The Lean Mindset
Mary Poppendieck | Author, Lean Software Development: An Agile Toolkit
Tom Poppendieck | Author, Lean Software Development: An Agile Toolkit
Analysis is a good thing. Being slow and careful is wise. Rewarding people for performance makes perfect sense. Creating a plan and following it is the best way to get things done. And we should strive to be the best at whatever we do. When we have our analytical hats on, we know these statements are true.
But they aren't the whole truth. Intuition is also a good thing. Being fast produces essential feedback. Purpose works better than incentives for engaging. Probing a complex environment and adapting to its response is the right way to change a complex system. And being the best can get in the way of getting even better. When we are wearing our intuitive hats, we feel that these things are terribly important.
So which hat should we wear? In the last quarter of the 20th century, western companies drifted into the habit of wearing analytical hats most of the time, while the intuitive hats got dusty on the shelf. But since the turn of the century, companies that sport intuitive hats seem to be doing very well. In fact, if we're not careful, they might become a threat to our business.
A company with a lean mindset wears both hats at the same time and knows how to leverage the advantages of each. For those of us who have gotten into the habit of wearing our analytical hats most of the time, a lean mindset means moving our thinking:
This workshop will present research, case studies, and exercises to help you understand what a lean mindset is and how it can help your company become more productive, deliver faster, and experience significantly higher quality.
- from analytical toward intuitive
- from slow toward fast
- from individualistic toward cooperative
- from disciplined toward adaptive
- from being good toward getting better
About Mary Poppendieck
Mary Poppendieck has been in the Information Technology industry for thirty years. She has managed solutions for companies in several disciplines, including supply chain management, manufacturing systems, and digital media. As a seasoned leader in both operations and new product development, she brings a practical, customer-focused approach to software development problems.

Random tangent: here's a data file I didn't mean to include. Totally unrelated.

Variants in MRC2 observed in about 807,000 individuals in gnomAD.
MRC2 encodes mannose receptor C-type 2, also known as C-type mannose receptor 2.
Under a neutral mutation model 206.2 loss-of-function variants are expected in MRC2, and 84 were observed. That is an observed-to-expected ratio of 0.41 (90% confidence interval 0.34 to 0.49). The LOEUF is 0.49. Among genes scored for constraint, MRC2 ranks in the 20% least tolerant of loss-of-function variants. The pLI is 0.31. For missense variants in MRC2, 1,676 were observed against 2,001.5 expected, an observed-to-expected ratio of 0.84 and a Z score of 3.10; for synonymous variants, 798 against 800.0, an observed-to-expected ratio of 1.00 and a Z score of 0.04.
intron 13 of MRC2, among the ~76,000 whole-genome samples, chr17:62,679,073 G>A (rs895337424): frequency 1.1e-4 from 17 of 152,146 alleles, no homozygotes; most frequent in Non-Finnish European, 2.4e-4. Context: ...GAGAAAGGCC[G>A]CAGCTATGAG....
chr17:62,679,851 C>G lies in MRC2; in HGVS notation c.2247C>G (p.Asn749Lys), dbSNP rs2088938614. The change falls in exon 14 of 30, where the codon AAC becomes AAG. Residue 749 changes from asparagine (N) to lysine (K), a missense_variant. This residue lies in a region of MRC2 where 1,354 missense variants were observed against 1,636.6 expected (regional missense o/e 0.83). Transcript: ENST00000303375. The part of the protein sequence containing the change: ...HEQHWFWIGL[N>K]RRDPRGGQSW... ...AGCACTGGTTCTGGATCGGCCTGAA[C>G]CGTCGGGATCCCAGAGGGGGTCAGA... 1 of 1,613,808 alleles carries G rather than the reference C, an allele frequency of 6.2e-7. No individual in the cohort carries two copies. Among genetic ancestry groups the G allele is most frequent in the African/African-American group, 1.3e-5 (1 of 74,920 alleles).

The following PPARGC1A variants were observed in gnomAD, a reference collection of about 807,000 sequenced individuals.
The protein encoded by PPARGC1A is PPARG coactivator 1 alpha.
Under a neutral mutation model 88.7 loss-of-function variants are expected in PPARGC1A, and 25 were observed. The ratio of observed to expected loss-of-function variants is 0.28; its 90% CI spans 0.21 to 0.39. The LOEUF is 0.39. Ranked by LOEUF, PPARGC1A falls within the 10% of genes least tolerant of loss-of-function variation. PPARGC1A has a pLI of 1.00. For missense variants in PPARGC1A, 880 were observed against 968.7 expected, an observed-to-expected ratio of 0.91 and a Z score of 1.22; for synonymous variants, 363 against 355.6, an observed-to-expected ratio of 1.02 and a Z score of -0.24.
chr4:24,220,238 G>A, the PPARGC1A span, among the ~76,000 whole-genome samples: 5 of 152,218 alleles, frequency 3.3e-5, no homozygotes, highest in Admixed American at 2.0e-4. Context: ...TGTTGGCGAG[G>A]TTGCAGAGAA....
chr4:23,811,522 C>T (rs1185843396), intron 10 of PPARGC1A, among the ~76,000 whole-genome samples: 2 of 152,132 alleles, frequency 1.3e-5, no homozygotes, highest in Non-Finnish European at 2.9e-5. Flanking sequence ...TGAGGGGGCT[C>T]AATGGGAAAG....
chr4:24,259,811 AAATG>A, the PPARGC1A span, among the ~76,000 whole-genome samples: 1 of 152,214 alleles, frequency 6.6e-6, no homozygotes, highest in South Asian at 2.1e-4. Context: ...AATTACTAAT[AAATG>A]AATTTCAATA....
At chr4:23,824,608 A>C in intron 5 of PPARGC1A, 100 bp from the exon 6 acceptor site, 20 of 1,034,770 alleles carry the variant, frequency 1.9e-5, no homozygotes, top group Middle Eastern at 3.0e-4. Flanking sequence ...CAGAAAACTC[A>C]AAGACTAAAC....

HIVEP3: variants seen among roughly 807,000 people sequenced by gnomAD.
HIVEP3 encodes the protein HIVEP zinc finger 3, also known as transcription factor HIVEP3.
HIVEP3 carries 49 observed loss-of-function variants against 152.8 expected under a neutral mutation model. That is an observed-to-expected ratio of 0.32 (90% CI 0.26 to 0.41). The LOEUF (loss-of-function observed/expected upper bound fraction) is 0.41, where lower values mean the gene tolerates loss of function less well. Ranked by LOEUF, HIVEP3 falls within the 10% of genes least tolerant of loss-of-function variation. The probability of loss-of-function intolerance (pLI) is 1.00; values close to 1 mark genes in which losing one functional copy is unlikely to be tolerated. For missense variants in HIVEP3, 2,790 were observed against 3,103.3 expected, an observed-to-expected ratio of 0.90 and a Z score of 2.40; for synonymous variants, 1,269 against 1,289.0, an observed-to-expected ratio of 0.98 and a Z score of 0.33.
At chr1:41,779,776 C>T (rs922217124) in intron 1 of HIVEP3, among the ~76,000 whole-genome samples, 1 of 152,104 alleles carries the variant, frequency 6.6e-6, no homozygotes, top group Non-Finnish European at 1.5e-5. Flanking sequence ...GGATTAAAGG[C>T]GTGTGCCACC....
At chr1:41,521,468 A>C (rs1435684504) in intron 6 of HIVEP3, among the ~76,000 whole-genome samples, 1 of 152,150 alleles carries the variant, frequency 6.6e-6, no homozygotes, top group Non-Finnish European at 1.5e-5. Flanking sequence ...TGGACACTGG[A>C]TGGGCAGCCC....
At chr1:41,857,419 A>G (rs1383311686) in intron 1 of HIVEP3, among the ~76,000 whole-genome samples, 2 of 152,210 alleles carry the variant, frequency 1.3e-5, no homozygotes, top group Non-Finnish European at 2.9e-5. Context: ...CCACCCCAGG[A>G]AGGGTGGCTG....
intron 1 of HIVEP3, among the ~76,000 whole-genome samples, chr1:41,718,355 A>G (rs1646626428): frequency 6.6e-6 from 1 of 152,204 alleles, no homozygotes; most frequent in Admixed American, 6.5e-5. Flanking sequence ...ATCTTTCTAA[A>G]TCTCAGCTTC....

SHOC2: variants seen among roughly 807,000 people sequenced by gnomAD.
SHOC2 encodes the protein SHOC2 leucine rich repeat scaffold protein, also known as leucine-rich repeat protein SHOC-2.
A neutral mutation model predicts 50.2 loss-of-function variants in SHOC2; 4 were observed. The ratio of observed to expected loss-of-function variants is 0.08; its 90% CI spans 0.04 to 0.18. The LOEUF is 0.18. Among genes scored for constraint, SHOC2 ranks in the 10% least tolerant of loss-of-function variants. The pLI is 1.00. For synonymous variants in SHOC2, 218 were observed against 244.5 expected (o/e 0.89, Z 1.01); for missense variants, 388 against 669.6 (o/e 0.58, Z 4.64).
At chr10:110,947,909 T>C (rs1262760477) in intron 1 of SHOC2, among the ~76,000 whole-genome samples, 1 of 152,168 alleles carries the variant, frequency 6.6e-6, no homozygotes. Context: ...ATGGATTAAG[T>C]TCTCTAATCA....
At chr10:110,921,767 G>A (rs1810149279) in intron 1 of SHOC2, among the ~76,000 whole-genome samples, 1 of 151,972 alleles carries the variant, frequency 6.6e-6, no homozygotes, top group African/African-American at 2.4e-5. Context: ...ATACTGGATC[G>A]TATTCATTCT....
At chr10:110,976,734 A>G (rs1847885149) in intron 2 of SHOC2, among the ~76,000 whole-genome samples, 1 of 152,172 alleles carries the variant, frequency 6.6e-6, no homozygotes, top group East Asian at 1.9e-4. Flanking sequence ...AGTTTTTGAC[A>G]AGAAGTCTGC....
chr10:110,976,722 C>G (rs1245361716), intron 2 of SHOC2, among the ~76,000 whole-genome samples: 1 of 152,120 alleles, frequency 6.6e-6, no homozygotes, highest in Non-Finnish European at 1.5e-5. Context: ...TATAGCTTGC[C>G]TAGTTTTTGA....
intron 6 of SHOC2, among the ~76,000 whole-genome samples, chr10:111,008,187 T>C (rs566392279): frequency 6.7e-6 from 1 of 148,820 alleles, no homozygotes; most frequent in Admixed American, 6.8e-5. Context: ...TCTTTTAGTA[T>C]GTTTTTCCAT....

As Information Systems Manager in a video tape manufacturing plant, Mary first encountered the Toyota Production System, which later became known as Lean Production. She implemented one of thee first Just-in-Time systems in 3M, resulting in dramatic improvements in the plant's performance.
Three times Mary has partnered with small companies, twice negotiating and funding a multi-million dollar equity investment. But understanding small companies from the investor point of view was not enough; so she joined one of the start-ups to lead its R&D effort.
A popular writer and speaker, Mary's classes on managing software development offer a fresh perspective on project management. Her book Lean Software Development: An Agile Toolkit, was published in 20003 and won the Software Development Productivity Award in 2004. A sequel, Implementing Lean Software Development: From Concept to Cash, was published in 2006, and Leading Lean Software Development: Results are Not the Point, was published in November, 2009. A new book, The Lean Mindset, will be published in September, 2013.
About Tom Poppendieck
Tom Poppendieck has 25 years of experience in computing including eight years of work with object technology. His modeling and mentoring skills are rooted in his experience as a physics professor. His early work was in IT infrastructure, product development, and manufacturing support, and evolved to consulting project assignments in healthcare, logistics, mortgage banking, and travel services.
Tom led the development of a world-class product data management practice for a major commercial avionics manufacturer that reduced design to production transition efforts from 6 months to 6 weeks. He also led the technical architecture team for very large national and international Baan and SAP implementations.
Tom Poppendieck is an enterprise analyst and architect, and an agile process mentor. He focuses on identifying real business value and enabling product teams to realize that value. Tom specializes in understanding customer processes and in effective collaboration of customer, development and support specialists to maximize development efficiency, system flexibility, and business value.
Tom is co-author of the book Lean Software Development: An Agile Toolkit, published in 2003, and its sequel, Implementing Lean Software Development: From Concept to Cash, published in 2006. Leading Lean Software Development: Results are Not the Point, was published in 2009. A new book, The Lean Mindset, will be published in September, 2013.
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